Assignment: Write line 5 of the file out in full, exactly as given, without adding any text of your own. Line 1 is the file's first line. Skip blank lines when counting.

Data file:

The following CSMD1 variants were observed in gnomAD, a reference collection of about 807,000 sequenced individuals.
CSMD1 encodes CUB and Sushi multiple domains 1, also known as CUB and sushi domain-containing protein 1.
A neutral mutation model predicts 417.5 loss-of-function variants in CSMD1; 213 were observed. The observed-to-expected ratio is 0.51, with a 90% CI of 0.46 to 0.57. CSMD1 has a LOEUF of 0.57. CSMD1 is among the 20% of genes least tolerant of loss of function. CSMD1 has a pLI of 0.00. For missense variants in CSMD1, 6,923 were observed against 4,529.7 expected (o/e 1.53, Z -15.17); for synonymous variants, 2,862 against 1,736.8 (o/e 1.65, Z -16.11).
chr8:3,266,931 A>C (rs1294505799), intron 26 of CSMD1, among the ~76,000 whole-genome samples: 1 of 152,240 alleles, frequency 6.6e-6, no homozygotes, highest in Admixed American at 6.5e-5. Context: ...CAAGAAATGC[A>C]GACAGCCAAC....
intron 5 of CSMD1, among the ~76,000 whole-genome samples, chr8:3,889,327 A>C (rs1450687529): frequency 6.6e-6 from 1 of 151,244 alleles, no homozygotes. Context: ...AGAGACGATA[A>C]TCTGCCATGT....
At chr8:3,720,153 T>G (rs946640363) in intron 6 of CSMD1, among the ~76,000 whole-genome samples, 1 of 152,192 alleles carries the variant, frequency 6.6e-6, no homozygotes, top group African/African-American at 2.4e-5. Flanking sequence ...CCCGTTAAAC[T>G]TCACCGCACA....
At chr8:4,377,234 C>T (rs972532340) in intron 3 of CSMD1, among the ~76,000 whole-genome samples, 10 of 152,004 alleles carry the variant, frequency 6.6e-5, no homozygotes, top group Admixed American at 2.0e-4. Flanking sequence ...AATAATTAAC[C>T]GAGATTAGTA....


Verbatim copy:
intron 5 of CSMD1, among the ~76,000 whole-genome samples, chr8:3,889,327 A>C (rs1450687529): frequency 6.6e-6 from 1 of 151,244 alleles, no homozygotes. Context: ...AGAGACGATA[A>C]TCTGCCATGT....